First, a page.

The Spanish language in the United States has a crucial importance because its social functions are very diverse throughout the territory in "where it currently has a very large presence"; in addition, since 2015 most Latinos are born here, which means a new stage in the process of Spanish.
This was stated by Pedro Francisco Moreno, from the North American Academy of the Spanish Language, and director of the Observatory of Spanish and Hispanic Cultures of the Cervantes Institute, during the eighth panel of the Bicentennial Dialogues, dedicated on this occasion to the Spanish language from the perspective of the academies.
With Alberto Vital, director of the Center for the Study of Foreigners (CEPE-UNAM) as moderator, Moreno explained that the expansion of Spanish in the United States began in the late 17th century, and it was not until the late 19th century that it reached at least 80 percent of the country, where, although the population did not speak the language, they did know it.
This is how American Spanish was born, acquiring its current identity with the contact of diverse Latin American migrant populations and English itself, which gave it a unique personality and vocabulary, different from the Spanish known in other Latin American countries.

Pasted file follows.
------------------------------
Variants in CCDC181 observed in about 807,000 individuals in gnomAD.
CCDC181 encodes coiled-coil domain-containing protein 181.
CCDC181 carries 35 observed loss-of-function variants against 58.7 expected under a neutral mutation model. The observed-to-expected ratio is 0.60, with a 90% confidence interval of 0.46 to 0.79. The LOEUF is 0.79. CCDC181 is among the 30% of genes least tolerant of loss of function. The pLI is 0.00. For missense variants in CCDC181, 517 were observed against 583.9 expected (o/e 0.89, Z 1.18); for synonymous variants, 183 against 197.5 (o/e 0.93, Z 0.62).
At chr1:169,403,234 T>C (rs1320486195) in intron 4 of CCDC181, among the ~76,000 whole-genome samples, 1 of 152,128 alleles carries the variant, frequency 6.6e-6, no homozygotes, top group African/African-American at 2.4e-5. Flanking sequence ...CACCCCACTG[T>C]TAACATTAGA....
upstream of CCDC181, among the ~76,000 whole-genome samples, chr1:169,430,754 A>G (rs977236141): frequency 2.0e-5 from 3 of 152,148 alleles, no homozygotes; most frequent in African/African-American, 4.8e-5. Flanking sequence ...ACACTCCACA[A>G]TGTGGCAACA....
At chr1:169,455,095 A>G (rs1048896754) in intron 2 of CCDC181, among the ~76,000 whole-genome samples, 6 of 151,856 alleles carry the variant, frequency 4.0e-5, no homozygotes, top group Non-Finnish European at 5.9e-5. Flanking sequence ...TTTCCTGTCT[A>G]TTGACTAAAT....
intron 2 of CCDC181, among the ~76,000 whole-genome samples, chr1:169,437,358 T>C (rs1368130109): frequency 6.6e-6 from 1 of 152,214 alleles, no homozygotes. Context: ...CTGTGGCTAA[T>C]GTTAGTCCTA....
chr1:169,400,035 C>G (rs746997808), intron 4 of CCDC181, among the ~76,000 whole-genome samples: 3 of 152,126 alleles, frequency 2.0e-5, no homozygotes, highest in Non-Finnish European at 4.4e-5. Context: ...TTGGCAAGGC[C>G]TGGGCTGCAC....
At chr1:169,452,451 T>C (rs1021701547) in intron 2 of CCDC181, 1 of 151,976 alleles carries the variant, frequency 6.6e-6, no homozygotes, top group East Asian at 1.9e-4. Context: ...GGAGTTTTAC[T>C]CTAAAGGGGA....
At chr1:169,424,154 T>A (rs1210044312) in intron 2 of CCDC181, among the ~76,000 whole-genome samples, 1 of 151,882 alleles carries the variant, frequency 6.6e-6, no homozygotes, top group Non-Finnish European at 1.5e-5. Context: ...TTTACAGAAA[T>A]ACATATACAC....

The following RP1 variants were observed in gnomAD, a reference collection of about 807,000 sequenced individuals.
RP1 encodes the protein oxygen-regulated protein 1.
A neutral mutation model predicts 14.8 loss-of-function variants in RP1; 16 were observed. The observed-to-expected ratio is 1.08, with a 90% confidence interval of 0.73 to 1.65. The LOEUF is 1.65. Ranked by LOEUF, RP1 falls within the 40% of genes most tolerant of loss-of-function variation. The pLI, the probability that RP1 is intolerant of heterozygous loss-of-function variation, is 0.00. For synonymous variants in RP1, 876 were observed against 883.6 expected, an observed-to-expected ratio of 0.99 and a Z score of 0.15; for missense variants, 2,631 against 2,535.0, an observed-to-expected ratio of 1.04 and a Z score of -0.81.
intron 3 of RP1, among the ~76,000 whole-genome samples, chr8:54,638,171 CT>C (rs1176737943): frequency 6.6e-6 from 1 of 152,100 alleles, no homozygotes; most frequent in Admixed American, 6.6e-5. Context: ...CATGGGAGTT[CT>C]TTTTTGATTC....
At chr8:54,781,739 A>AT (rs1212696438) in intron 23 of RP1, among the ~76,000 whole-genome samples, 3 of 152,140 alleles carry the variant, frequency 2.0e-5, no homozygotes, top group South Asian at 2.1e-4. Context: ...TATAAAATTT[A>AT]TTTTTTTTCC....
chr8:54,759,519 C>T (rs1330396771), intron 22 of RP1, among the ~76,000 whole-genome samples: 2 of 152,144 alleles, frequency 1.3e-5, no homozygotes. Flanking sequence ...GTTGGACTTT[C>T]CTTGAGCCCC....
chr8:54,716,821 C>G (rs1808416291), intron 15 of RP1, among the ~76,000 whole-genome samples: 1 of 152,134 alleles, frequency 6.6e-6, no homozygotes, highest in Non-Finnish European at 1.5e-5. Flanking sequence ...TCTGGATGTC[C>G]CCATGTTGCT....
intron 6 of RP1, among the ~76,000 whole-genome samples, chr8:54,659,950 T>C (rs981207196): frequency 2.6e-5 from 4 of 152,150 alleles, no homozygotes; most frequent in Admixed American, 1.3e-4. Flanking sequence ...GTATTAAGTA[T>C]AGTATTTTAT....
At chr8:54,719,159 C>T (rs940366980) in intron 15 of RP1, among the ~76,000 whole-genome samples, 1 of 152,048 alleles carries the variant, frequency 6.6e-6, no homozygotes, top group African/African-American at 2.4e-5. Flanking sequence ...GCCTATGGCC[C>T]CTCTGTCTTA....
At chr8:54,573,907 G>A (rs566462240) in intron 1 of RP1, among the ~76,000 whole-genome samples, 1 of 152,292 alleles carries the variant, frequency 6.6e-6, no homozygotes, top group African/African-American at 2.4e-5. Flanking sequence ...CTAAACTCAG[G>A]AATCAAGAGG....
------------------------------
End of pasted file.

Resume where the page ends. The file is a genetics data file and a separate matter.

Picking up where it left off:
Therefore, the North American academy plays a complicated job because the context in which it operates has many aspects, from a historical context to the effort to preserve the language, trying to maintain the essence of the original Spanish within the American Spanish. In addition, it seeks to support and advise on the use of Spanish in an academic environment, in order to maintain the language in a bilingual context.
PhD. Pedro Martin Butragueño, researcher, author and co-author of six books, among others, El Corpus Sociolingüístico de la Ciudad de México, mentioned that the teaching of the language acquires a legitimate value because the Spanish language spoken in the United States is often perceived by native speakers from Latin American countries as a bad Spanish, due to the fact that its variation by linguistic loans and the so-called Spanglish is not usually accepted, although it is determined by its context.
These inhibitions and criticism generate fear and embarrassment among speakers of American Spanish.
To speak of language mixing is also to speak about Spanglish. Contrary to the beliefs of monolingual Spanish speakers, Spanglish is more complex than just mixing words from the two languages: it is a colloquial alternation of languages that is established as a cultural and linguistic asset, and serves as a stylistic resource, and is used in specific contexts or situations with an extensive command of Spanish and English.
The tasks and issues to be addressed in the management and relationship of Spanish and English are many, although academies and teachers are constrained by stigmas, realities in language learning and respect for varieties.